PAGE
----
1. PSA
The decision to undergo screening is one that a man should make with his doctor following a careful discussion of the risks and benefits of screening. In men who wish to be screened, the American Urologic Association recommends getting a baseline PSA, along with a digital rectal exam at age 40.

2. Erectile Dysfunction
It is estimated that 20–30 million men in the United States suffer from erection problems, but only 5%–10% actually seek treatment. Men who should be screened are those over 40 years of age, those with a predisposing comorbidity, such as cardiovascular disease, diabetes, or depression.

3. Urinary Incontinence
Over half of the female population report urinary incontinence yet only half of these women report these symptoms to their health care provider. Treatment is highly successful and can dramatically improve a patient’s quality of life.

4. BPH
More than half of men in their 60s and up to 90% of men in their 70s and 80s have some symptoms of BPH. A urology referral is warranted if the patient has a history of urinary tract infections, does not achieve satisfactory results with medical therapy, desires more definitive surgical management or has an elevated serum creatinine and evidence of hydronephrosis.

5. Kidney Stones
Nephrolithiasis is a common disorder, with a lifetime prevalence of 10% in white men and 5% in white women. Left untreated, the lifetime recurrence rates are 60% – 80%. In pregnant women, obstructing stones may cause premature labor, intractable pain, or cause urosepsis.

6. Overactive Bladder
1 in 6 adults in the United States suffer form the symptoms of OAB. Nearly a quarter of these patients are too embarrassed to discuss it with their health care providers. The causes can be multifactorial possibly neurogenic, oncologic, hyperactivity and/or instability.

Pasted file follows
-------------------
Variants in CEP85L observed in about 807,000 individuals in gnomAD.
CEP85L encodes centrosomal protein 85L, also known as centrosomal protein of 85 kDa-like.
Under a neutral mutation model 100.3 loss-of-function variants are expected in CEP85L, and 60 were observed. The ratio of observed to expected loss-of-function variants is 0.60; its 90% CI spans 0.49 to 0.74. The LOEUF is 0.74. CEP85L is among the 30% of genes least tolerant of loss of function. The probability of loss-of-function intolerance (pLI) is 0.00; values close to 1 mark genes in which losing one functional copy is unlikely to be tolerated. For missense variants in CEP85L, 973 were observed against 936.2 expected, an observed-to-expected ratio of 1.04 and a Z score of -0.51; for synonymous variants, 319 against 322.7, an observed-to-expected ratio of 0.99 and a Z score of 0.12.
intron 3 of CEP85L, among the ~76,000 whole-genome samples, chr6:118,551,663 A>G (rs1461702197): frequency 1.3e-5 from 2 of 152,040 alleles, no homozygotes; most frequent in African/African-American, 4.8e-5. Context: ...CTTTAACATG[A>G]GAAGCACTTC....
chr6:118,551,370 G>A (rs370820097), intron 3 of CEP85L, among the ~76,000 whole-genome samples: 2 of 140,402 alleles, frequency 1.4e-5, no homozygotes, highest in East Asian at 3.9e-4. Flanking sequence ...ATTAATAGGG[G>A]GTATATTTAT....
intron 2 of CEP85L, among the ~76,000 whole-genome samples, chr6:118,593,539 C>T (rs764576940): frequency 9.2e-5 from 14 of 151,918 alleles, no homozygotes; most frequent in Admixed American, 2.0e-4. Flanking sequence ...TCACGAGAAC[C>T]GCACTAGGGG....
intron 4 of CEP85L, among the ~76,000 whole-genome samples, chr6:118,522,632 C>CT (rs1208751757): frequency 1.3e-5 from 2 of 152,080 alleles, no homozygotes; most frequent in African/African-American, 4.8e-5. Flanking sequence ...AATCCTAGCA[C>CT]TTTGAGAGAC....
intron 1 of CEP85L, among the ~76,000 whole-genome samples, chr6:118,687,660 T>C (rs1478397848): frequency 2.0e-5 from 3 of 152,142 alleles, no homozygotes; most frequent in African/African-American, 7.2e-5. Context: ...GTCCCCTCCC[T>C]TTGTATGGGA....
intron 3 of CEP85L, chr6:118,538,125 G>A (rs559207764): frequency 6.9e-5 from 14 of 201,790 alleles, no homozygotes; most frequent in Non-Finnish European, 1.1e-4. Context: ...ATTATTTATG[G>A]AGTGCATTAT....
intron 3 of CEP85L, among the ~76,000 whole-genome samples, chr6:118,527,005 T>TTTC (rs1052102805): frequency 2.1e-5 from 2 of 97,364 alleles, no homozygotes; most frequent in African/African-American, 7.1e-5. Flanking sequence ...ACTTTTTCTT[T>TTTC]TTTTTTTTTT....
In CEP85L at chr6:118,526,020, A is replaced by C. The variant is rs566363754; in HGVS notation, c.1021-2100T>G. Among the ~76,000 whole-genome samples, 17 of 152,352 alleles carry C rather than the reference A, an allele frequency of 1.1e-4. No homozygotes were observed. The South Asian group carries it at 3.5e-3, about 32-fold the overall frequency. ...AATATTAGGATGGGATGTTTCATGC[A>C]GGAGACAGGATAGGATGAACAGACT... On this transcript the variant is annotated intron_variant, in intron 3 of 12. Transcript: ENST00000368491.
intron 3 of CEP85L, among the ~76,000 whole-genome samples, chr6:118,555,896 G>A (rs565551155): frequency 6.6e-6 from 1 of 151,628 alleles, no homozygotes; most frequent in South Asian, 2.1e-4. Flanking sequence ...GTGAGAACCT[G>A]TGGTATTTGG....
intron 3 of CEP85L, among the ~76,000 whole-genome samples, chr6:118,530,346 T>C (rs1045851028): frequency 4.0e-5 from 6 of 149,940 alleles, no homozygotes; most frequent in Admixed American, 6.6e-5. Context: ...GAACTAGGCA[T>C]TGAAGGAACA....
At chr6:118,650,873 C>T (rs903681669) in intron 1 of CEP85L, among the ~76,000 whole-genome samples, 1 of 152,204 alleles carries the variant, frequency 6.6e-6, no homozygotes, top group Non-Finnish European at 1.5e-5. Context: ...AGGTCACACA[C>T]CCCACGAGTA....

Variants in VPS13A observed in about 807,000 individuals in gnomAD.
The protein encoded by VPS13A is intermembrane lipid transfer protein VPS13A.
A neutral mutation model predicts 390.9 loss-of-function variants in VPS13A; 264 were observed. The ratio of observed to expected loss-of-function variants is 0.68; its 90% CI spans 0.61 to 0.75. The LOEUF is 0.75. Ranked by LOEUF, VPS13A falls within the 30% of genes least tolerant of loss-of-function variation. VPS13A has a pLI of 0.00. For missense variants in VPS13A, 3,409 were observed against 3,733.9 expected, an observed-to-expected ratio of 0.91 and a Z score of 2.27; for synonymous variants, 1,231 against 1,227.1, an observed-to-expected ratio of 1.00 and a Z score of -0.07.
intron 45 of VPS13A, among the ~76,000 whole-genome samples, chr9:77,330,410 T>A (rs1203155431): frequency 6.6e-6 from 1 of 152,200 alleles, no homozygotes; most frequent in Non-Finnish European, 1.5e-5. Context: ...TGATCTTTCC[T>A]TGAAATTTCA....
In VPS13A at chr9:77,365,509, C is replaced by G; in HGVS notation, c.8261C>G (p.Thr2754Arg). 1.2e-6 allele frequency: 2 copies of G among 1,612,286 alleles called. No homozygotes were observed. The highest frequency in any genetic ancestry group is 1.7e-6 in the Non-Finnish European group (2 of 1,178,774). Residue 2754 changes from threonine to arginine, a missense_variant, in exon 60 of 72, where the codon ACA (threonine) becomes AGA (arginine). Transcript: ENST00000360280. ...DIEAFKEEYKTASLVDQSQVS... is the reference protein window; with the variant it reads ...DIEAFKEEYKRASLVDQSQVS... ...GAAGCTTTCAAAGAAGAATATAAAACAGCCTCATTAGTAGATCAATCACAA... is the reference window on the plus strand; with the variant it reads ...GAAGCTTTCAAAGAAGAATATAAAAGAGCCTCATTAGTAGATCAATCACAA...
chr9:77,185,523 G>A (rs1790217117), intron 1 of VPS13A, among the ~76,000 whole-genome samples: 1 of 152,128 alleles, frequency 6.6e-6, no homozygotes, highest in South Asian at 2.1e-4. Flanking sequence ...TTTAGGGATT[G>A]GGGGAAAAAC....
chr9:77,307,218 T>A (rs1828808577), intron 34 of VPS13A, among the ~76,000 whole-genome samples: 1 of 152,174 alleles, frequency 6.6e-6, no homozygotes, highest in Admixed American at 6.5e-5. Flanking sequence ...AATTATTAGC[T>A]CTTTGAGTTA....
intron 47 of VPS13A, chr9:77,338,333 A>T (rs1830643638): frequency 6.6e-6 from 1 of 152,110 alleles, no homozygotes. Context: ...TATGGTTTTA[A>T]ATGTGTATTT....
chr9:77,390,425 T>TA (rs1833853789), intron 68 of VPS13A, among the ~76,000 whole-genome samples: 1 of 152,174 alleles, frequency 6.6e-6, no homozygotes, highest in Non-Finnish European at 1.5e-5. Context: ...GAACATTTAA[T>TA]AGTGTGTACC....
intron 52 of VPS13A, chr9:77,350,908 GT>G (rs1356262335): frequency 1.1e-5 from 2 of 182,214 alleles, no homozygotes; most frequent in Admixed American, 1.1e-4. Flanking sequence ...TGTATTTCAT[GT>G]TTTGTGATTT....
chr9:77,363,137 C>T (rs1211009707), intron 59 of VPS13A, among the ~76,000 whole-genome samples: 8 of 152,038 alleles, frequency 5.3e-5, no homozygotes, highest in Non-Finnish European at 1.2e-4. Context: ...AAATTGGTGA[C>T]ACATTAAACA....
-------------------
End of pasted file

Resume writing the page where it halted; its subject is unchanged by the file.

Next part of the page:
7. Vasectomy
Vasectomy is perhaps the most effective form of birth control and should be considered for any patient who does not want to have any children.

8. Microscopic Hematuria
Microscopic hematuria can be a sign of a significant urologic problem. All patients with asymptomatic microscopic hematuria should undergo an appropriate urologic evaluation.

9. Chronic Uninary Tract Infection (UTI)
Bacterial persistence, inability to eradicate an infection despite appropriate therapy, repeat infections in a patient with a complicated urinary tract and isolation of Proteus SP should trigger a urologic evaluation.

10. Infertility
In up to 50% of infertile couples there is thought to be some contributing male factor. Patients that have infertility as their presenting symptom can often have an underlying medical condition. All men who are experiencing fertility issues should undergo a urologic evaluation.